Celebrating East Ayrshire’s restored peat bogs for World Water Day

March 27, 2018

People enjoyed a sunny Saturday morning exploring Low Moss near Lugar in an event aimed at raising awareness of the importance of healthy peatlands. The guided walk was organised by the East Ayrshire Coalfield Environment Initiative (CEI) to celebrate the United Nations World Water Day and was opened by East Ayrshire’s Depute Provost Claire Leitch.

CEI Project Manager Daisy Whytock discussing habitat restoration (c) EACEI.jpg	The event gave participants the chance to see the results of restoration work carried out at Low Moss in 2017 as part of the CEI’s Nature Network and EcoCoLIFE projects. Low Moss is a small raised bog situated next to the former Duncanziemere opencast coal mine. It is one of five sites the CEI has been working on across East Ayrshire and so far a total of 479 hectares of peat bog has been restored.

CEI Project Officer Gemma Jennings said “The theme of this year's World Water Day is 'Nature for Water' - looking at how protecting nature can help us solve water challenges. The CEI has been ‘re-wetting’ peat bogs damaged by historic land management practices such as drainage and burning so we decided to mark World Water Day with a trip to one of our recent restoration sites – Low Moss.

“Restoration brings about many benefits - peatlands are capable of storing large volumes of water so help prevent flooding and are great for filtration, improving the quality of water entering our rivers. Healthy peatlands also store carbon, which would otherwise be released as carbon dioxide, and therefore play a major role in combating climate change. A damaged peat bog on the other hand will release carbon, thus contributing to climate change.

“In terms of wildlife, our peatlands are home to an array of unique species from the carnivorous sundew plant to adders and short-eared owls. We want to raise the profile of these wonderful, wild places and encourage people to appreciate peatlands and why it's so important to look after them. World Water Day provided an opportunity to recognise the value of East Ayrshire’s peatlands and was great to see so many people turn out on the day.”

The Depute Provost Claire Leitch said “We’re all aware that many human activities are a threat to our Depute Provost Claire Leitch examines a lichen (c) East Ayrshire Councilenvironment, and how everything we do can have an impact on our natural environment in a way which affects us all. Today’s walk was truly inspirational – an example of human activity contributing to the restoration of healthy ecosystems which can only benefit us and future generations. To see all these volunteers, experts and organisations working together to actually reverse damage and provide a safe haven for so many species and a wonderful area for the community to enjoy is something of which we should all be very proud. We know that we owe it to our young people to look after the planet and after having met many young people who are passionate about both the environment and areas we live, I know it’ll be in good hands.”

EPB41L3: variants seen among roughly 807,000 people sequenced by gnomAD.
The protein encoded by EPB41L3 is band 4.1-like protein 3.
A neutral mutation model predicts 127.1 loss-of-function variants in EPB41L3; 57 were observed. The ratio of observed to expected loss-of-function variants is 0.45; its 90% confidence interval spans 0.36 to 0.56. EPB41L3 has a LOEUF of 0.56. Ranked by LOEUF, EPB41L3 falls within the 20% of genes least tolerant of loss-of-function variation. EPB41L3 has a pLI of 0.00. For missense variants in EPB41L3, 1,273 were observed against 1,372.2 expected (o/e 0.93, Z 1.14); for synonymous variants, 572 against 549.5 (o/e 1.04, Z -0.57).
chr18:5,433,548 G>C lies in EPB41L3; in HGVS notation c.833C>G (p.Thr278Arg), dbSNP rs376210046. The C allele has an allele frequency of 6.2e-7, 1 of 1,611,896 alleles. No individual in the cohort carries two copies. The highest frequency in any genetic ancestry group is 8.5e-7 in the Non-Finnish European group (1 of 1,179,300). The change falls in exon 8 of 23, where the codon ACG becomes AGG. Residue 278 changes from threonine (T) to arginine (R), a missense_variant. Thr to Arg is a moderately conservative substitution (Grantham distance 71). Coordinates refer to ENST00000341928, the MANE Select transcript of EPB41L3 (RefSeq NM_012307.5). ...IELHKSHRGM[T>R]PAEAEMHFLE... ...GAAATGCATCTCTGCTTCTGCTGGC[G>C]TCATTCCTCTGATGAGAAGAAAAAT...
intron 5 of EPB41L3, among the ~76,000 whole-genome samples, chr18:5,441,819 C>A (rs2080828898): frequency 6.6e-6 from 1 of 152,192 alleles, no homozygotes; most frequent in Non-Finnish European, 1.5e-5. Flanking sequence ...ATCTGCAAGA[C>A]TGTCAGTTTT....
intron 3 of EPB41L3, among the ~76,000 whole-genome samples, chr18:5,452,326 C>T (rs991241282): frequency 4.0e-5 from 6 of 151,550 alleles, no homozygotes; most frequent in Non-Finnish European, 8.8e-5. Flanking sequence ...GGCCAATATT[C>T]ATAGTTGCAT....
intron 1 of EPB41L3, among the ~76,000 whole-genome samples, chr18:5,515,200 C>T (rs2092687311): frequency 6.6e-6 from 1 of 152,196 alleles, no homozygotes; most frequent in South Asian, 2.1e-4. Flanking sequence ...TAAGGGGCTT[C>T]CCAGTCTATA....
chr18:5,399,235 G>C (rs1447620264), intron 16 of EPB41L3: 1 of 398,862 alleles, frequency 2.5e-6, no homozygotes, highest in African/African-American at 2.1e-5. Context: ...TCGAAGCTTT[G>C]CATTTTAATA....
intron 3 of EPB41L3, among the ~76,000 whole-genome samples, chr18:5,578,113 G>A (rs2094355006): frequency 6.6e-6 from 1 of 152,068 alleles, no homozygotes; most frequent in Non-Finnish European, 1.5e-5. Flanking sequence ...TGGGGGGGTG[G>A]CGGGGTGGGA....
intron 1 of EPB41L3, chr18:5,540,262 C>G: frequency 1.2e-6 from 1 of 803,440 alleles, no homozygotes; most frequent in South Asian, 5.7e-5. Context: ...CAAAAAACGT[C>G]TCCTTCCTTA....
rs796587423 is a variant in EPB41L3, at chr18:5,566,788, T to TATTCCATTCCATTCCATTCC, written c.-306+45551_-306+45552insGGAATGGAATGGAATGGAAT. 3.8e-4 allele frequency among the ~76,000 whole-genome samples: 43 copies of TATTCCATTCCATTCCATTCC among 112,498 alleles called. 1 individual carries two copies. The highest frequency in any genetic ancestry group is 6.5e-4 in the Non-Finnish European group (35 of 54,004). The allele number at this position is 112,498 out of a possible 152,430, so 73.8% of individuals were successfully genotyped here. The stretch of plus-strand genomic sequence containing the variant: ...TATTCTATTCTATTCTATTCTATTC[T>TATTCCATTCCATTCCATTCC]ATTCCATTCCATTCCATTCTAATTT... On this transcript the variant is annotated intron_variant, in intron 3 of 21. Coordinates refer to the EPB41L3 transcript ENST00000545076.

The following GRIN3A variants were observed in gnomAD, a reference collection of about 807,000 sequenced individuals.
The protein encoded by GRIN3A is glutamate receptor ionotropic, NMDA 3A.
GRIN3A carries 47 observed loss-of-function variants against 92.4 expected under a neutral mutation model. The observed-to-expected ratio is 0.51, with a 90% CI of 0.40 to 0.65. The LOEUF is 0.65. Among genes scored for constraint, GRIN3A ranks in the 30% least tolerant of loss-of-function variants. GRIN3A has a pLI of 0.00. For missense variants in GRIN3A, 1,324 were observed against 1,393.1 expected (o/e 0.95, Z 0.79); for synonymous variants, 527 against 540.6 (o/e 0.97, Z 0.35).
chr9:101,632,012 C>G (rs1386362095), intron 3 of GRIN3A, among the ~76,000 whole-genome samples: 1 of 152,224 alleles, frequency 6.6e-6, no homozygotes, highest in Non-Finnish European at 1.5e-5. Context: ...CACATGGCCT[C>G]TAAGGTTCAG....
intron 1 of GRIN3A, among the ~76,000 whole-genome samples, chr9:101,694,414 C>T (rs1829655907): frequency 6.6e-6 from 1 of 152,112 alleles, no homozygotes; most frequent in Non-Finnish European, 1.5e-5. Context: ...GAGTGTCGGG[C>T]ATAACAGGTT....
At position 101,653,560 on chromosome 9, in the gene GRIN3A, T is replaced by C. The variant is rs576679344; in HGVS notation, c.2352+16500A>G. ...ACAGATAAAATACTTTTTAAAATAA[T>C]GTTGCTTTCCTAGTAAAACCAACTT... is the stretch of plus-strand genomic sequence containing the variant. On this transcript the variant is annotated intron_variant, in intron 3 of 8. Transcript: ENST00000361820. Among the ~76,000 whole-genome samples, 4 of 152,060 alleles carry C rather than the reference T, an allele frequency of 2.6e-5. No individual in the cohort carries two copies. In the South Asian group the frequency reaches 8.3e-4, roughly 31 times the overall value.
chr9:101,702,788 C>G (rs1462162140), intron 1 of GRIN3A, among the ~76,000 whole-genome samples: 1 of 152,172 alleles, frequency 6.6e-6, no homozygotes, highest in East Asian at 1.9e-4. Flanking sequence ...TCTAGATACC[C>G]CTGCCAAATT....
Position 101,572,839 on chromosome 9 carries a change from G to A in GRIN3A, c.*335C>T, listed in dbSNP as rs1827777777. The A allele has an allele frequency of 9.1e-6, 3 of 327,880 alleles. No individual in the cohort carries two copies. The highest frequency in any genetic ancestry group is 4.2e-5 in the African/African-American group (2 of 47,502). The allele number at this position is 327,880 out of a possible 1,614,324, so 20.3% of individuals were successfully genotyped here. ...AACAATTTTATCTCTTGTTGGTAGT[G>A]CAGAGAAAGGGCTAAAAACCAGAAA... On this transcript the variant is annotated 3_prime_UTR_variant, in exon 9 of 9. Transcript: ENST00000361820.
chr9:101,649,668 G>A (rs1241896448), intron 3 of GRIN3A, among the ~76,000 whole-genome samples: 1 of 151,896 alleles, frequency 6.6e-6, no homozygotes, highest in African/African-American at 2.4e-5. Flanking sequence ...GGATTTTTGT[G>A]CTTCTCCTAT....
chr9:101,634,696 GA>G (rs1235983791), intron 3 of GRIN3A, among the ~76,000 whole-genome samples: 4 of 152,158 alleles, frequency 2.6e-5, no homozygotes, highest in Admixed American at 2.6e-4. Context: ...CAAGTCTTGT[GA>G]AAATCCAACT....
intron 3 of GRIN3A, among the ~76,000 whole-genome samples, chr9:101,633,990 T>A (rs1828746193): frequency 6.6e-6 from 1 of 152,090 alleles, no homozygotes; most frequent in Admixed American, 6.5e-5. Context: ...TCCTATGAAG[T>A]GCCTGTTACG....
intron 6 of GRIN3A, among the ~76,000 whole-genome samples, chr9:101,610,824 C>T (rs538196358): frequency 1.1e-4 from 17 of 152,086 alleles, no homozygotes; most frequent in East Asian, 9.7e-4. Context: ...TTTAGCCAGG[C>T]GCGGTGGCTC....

The CEI’s work is supported by Scottish Natural Heritage, East Ayrshire Council, and with the contribution of the LIFE+ financial instrument of the European Community. To find out more about the CEI’s projects, events or volunteering opportunities please see www.ea-cei.org.uk or contact CEI Project Officer Gemma Jennings: gemma.jennings@ea-cei.org.uk.

Belfast Skyline (c) Visit Belfast
2019 Conference - Ticket Sales Now OpenIUCN UK Peatland Programme Conference 2019 - Peatlands: Investing in the Future 1st - 3rd October…
Richard Payne
A tribute to Richard Payne The IUCN UK Peatlands Programme team were all saddened to hear the shocking news about the death of…
Image of sphagnum in pool © Joe Holden
Sphagnum is a key ingredient of natural flood managementIn 2008 iCASP published research that showed how water running over Sphagnum on blanket peatlands…
Image of V-notch in ply-sheet dam © Emma Shuttleworth
Peat restoration and natural flood managementThe Upland Environments Research Unit at the University of Manchester has been working closely with…
Image of bog vegetation © Dom Hinchley
New edition of Conserving Bogs: The Management HandbookA new edition of Conserving Bogs: The Management Handbook is now available. Conserving Bogs: The…
Rob Stoneman at the House of Commons flanked by Rob Brown and Julian Sturdy
Managing the Uplands for Public Benefit House of Commons ReceptionOver 48 representatives from across the peatland community in the UK as well as MPs and Peers…
Large heath butterfly
Peatland biodiversity - butterflies & mothsAt Butterfly Conservation we understand the great value of healthy functioning peatlands for…
Cover of GHG emissions inventory
Inclusion of peatlands in the UK's GHG emissions inventory publishedThe long-awaited report on inclusion of peatlands in the UK’s greenhouse gas (GHG) emissions…
Marsden Moor fire © BBC News
Record breaking Spring temperatures exacerbate wildfire outbreaks across the UKThe summer heatwave of 2018 was accompanied by wildfires across the UK with a major incident…
Staff from RSPB, Scottish Water and the contractor, McGowan Ltd, discuss the successful works at Moss of Kinmundy
Ugie Peatland Partnership welcomes restoration of local bogBog restoration works are expected to benefit local water quality and nature, as well as contribute…
Delgates at the policy and practice workshop
New initiative to combine data across studies and sites to better inform peatland policy and practice Researchers, practitioners and policy-makers from across Europe, whose goal is to understand better…